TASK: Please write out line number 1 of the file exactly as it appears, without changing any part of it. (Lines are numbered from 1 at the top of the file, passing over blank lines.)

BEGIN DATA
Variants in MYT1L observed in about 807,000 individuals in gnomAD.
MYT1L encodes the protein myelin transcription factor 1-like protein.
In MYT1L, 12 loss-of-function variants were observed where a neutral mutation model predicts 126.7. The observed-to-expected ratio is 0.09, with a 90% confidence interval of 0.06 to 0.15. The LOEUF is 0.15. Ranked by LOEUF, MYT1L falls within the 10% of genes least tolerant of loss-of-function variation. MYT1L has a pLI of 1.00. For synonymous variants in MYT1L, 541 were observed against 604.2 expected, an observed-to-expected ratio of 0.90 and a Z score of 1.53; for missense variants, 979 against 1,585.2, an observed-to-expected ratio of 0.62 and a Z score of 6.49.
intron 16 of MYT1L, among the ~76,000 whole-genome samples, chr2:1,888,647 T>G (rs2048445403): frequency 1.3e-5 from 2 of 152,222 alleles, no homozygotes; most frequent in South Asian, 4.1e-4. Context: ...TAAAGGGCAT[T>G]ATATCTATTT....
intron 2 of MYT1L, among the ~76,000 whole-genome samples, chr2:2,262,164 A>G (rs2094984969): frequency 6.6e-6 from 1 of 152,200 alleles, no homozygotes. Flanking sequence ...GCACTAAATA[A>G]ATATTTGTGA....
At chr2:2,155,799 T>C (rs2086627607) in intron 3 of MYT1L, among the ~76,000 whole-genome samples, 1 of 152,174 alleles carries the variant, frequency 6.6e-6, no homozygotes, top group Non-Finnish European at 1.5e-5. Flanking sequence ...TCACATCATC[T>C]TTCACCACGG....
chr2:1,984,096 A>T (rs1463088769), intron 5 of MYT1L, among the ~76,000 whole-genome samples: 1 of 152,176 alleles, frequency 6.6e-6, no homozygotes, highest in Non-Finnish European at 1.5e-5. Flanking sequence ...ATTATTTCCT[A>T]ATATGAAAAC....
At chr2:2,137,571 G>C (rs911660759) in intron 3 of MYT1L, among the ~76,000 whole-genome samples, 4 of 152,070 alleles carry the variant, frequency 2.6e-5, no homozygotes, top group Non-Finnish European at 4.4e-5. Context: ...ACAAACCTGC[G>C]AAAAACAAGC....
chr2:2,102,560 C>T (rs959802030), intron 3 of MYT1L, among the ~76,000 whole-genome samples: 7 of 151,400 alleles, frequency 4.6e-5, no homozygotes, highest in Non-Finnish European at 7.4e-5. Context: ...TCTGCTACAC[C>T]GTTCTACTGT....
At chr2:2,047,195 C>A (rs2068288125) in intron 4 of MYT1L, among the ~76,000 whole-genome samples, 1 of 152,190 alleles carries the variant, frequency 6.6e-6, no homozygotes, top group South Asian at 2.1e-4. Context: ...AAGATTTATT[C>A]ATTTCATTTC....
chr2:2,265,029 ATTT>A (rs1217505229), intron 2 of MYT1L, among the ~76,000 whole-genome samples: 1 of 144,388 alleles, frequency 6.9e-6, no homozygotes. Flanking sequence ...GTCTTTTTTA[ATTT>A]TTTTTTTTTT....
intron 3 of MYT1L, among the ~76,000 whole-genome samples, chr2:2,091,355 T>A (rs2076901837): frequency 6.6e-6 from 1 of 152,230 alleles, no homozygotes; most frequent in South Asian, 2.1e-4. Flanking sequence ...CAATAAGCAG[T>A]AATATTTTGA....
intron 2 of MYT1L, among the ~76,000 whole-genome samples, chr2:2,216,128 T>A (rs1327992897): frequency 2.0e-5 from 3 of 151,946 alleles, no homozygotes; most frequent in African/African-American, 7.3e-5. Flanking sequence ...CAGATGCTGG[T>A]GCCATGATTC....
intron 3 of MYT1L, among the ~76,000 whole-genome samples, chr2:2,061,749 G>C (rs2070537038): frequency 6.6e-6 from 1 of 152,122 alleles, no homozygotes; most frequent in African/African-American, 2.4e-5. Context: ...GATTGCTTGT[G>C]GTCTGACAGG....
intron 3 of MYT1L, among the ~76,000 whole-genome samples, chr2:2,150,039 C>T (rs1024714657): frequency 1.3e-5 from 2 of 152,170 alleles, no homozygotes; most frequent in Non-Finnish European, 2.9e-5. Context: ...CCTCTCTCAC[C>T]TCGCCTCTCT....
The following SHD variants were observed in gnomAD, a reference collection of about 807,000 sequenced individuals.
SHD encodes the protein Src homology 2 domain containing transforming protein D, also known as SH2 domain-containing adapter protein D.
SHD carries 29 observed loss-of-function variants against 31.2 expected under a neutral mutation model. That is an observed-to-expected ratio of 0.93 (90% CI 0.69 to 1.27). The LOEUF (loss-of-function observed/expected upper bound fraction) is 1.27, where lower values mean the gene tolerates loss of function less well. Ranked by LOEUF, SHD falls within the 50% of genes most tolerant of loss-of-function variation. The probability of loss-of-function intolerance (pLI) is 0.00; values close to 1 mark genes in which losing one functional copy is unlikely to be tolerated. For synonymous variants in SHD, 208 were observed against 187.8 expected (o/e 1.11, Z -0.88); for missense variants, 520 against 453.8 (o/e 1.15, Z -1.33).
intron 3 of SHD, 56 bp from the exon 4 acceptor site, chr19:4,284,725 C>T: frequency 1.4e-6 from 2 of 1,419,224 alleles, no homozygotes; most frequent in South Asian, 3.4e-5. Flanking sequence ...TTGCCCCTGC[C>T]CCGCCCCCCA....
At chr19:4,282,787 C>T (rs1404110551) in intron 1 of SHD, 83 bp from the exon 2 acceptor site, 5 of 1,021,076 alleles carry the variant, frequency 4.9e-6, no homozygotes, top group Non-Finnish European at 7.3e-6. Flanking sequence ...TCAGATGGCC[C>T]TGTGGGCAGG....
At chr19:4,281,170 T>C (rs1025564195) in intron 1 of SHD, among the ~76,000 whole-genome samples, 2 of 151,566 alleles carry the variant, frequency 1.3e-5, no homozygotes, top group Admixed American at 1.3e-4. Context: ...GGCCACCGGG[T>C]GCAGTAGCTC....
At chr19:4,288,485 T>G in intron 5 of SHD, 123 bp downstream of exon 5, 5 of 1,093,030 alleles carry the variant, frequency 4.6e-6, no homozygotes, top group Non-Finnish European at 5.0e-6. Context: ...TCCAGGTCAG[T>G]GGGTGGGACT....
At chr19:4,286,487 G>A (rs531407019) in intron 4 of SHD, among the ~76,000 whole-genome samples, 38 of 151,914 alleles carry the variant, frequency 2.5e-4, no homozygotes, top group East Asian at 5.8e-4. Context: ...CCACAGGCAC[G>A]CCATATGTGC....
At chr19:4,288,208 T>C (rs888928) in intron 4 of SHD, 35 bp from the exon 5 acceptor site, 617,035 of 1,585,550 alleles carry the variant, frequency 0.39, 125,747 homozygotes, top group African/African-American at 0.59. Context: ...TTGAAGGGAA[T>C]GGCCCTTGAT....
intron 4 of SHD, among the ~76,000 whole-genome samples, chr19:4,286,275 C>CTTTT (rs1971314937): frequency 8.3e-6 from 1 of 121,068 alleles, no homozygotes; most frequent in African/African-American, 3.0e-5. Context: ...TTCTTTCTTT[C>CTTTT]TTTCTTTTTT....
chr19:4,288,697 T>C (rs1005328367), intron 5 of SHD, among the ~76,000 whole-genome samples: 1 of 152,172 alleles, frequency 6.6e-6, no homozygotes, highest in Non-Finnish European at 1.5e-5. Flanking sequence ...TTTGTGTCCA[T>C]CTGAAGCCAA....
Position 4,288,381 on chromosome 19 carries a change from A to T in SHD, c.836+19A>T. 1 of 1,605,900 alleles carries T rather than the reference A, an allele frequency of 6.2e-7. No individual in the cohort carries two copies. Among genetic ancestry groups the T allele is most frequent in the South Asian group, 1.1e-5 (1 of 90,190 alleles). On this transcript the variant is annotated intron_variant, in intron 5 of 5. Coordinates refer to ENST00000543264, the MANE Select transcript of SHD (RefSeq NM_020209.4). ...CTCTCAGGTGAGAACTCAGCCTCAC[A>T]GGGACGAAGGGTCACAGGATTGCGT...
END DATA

Variants in MYT1L observed in about 807,000 individuals in gnomAD.